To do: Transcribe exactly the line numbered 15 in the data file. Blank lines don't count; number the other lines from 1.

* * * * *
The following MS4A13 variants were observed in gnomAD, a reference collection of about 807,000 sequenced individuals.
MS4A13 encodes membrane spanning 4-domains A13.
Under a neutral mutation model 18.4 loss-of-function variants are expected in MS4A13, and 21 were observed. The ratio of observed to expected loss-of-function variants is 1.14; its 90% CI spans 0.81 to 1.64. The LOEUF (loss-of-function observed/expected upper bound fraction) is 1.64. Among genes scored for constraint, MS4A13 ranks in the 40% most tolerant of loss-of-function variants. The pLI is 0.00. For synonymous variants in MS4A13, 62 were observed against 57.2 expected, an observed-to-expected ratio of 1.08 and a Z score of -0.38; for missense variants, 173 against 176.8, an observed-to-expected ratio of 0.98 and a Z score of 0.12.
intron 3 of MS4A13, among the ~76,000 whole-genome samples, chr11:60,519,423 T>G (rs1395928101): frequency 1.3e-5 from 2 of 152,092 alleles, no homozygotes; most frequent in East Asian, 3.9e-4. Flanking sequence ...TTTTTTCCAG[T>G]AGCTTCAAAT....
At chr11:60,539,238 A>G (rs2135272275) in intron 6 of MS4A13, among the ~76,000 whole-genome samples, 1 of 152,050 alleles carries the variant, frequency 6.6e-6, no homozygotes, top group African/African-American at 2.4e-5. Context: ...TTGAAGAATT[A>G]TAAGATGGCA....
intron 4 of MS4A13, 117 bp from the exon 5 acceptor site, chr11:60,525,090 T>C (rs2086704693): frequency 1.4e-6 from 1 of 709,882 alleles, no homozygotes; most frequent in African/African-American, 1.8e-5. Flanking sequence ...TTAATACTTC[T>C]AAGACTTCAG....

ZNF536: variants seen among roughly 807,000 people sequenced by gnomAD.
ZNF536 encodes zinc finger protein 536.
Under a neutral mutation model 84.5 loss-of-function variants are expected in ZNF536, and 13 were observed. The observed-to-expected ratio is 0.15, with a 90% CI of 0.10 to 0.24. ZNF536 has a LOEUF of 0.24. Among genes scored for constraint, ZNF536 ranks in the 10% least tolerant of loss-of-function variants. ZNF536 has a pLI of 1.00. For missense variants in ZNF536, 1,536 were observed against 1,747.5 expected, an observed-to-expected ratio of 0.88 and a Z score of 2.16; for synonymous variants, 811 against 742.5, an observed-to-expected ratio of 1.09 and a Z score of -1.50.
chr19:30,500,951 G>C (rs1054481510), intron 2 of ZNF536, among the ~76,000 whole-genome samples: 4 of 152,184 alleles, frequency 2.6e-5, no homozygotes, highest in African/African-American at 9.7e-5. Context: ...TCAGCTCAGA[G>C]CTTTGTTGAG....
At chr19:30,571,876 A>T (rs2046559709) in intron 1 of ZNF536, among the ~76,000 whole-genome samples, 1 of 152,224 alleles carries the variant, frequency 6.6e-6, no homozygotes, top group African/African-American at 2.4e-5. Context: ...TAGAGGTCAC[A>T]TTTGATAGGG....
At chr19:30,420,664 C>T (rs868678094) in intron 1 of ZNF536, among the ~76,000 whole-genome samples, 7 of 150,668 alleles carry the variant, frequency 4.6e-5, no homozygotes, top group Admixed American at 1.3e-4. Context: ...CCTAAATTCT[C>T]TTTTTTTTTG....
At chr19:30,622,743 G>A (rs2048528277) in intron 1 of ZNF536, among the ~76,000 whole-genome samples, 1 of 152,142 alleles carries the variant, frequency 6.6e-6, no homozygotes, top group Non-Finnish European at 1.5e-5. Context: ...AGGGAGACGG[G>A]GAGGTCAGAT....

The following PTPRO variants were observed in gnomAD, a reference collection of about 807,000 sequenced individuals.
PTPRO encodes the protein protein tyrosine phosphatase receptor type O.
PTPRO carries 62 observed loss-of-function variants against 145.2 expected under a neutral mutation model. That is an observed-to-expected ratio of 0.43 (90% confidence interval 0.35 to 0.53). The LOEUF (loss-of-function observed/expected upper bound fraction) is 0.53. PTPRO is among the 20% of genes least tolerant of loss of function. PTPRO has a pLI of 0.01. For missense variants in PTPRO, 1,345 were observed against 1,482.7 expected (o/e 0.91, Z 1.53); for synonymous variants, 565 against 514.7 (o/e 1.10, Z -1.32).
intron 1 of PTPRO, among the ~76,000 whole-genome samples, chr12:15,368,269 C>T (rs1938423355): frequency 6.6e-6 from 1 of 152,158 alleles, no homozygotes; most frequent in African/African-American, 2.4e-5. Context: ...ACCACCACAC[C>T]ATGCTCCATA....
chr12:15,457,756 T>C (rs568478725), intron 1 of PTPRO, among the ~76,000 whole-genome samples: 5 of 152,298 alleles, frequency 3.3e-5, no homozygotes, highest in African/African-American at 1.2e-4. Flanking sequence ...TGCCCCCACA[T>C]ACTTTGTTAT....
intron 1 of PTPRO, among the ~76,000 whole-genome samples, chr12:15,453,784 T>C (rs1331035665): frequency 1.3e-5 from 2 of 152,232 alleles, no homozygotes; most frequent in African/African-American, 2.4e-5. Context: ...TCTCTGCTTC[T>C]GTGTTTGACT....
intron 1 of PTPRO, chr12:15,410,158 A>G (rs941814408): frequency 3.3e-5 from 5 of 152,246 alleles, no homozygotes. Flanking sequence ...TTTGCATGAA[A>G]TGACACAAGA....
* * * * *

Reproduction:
PTPRO encodes the protein protein tyrosine phosphatase receptor type O.